Stopping People From Illegally Sharing Your Work
The other day, I realized that one of my main books had been shared illegally on the Internet. Anyone could just search for it and find it the first page of Google, and download it without paying.
Luckily, I was able to contact the owner of the website and sort out the situation.
But some other times, I’m not so lucky and there’s not much I can do to prevent some unscrupulous people from sharing my copyrighted material.
If you’re thinking of writing and selling your own ebooks, you’ve probably wondered about this issue. How can you prevent people from illegally sharing your work?
Before I answer this question, let me give you my point of view on copyright issues.
I am 100% behind the strict enforcement of copyright issues, which applies for any work an artist has created, including music, patents, software, movies, entertainment, books, etc.
These works represent the sweat of many, many hard-working people who deserve to get paid for what they do.
Over the last decade, there’s been a strong movement against copyrights, by Internet “Pirates” who have encouraged and enabled the illegal sharing of copyrighted material under the guise of humanitarian motives.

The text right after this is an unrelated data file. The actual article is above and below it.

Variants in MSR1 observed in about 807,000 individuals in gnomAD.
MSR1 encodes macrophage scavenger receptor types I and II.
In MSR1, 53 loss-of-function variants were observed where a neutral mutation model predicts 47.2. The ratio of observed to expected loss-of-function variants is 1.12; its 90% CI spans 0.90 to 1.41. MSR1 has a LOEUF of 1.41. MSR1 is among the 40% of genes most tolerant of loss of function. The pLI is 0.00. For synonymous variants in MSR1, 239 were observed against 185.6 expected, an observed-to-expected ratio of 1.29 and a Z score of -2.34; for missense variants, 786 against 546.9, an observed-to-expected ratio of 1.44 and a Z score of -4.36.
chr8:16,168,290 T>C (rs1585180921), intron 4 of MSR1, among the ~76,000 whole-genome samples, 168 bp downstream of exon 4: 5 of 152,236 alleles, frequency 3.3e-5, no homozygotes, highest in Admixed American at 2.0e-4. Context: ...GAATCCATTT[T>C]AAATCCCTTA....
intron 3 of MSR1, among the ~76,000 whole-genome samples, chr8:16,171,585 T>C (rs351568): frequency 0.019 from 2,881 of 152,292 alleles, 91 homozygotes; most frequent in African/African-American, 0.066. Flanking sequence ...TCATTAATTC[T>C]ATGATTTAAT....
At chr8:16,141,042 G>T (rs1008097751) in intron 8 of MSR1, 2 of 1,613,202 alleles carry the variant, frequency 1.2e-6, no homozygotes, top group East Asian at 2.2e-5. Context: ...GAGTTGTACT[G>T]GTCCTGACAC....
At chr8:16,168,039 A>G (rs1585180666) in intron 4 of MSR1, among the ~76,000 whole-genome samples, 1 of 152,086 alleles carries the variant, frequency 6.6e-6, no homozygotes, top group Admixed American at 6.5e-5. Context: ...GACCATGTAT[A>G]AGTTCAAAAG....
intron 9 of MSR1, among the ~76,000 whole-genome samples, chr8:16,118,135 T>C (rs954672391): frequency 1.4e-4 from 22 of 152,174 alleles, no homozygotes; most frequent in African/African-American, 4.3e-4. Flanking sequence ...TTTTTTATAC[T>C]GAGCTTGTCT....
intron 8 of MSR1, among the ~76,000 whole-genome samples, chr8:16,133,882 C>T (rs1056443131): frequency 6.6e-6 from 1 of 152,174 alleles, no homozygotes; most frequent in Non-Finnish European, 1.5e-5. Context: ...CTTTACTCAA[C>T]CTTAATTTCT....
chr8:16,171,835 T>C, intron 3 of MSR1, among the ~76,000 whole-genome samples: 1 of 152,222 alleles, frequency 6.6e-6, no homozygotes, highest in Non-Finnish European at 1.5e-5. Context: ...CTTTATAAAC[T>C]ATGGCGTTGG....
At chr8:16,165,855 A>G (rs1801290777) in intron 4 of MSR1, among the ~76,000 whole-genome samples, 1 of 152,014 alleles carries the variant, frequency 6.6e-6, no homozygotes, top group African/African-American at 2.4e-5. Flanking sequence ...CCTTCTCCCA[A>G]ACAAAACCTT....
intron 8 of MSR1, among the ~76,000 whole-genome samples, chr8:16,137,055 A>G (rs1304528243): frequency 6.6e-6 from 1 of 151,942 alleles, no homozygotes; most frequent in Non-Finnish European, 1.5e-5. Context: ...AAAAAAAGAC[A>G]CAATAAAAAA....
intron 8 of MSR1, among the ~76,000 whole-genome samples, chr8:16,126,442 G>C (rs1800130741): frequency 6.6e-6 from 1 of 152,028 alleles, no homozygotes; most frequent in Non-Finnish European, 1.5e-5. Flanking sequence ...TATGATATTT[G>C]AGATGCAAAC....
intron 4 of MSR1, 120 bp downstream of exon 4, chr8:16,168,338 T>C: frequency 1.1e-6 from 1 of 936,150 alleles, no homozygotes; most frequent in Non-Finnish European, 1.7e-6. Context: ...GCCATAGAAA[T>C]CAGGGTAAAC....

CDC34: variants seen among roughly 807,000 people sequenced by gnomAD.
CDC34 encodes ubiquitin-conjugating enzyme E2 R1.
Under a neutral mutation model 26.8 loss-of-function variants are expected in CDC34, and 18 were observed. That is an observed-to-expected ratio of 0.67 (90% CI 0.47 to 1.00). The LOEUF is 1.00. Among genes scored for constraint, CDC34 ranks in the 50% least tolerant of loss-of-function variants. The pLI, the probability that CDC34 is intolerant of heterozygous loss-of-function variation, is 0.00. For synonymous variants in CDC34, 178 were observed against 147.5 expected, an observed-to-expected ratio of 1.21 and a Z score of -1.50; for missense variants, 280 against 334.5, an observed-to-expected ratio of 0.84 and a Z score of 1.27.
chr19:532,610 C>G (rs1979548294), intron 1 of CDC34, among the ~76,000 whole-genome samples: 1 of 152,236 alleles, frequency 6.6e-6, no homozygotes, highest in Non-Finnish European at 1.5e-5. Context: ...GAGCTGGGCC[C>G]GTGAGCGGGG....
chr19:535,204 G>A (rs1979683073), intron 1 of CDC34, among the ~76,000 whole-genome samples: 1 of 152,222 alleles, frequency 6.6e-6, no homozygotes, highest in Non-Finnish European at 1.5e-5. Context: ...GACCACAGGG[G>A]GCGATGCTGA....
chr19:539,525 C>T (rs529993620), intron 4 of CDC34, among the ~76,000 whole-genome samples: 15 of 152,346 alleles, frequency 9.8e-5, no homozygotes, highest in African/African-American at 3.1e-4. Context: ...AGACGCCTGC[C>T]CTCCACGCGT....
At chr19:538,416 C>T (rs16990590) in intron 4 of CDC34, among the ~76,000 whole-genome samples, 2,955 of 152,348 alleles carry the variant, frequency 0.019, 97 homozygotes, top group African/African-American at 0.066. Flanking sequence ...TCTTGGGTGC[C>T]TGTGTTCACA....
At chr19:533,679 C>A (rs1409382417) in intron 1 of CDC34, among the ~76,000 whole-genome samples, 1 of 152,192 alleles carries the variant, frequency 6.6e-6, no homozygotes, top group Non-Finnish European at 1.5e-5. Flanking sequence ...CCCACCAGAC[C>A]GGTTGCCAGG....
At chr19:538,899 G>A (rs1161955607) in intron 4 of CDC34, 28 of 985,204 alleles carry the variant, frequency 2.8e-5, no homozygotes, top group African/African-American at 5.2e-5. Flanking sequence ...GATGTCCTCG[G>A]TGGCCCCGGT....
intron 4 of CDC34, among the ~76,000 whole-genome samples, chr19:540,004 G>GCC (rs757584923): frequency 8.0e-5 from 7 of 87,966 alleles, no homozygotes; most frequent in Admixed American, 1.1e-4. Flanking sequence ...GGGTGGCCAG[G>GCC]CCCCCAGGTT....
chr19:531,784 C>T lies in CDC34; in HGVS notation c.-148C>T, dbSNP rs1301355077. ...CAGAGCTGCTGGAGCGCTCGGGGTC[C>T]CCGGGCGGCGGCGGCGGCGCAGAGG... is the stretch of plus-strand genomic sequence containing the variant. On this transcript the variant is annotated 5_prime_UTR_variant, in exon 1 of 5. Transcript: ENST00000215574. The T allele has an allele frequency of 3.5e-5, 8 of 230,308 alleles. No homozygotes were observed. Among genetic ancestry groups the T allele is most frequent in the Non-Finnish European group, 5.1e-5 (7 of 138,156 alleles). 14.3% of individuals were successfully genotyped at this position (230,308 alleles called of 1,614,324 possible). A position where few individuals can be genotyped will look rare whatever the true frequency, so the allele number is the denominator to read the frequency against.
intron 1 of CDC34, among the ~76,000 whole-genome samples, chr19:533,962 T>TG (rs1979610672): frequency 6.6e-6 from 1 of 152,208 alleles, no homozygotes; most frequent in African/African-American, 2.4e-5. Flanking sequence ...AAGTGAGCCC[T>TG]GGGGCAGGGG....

These anti-copyrights bums believe that copyrights have never been any benefit to “society” and serve to enrich a few at the expense of creativity.
To that I say: Complete nonsense!
The profit motive is an important factor in what drives human innovation and creativity. If artists and thinkers cannot make a living at what they do, they will go back to a boring job and never get to fully express the range of their abilities.
When an artist or innovator creates something that didn’t exist before — and that something can enjoyed in any form by many people in a way that improves and enhances their lives, they should be able to charge WHATEVER PRICE they want for it. And they should be able to be in total control over the distribution of their work.
People who complain that a certain book costs “too much”, that a company is “robbing” people by selling an item at a certain price, or that they shouldn’t have to pay for it, have a complete false of entitlement.
They live in a world where that “something” did not exist. Suddenly someone creates it, and wants to charge them X amount for it. No one is forcing them to buy it. If they don’t want it, they can say no. They can go back to the world they lived in before, in which that “something” did not exist.
If they want to enjoy it however, and enhance their lives, even if it’s just for a brief moment, why is that too much to ask that they pay their toll to the artist/innovator, who made it all possible in the first place?
Because of the law of competition, prices never can stay too high that their true worth, as long as other people are coming along to offer their own answer to the same problem.
All of that to say that it is 100% moral to protect copyrights, and 100% immoral to advocate the destruction of the copyright system.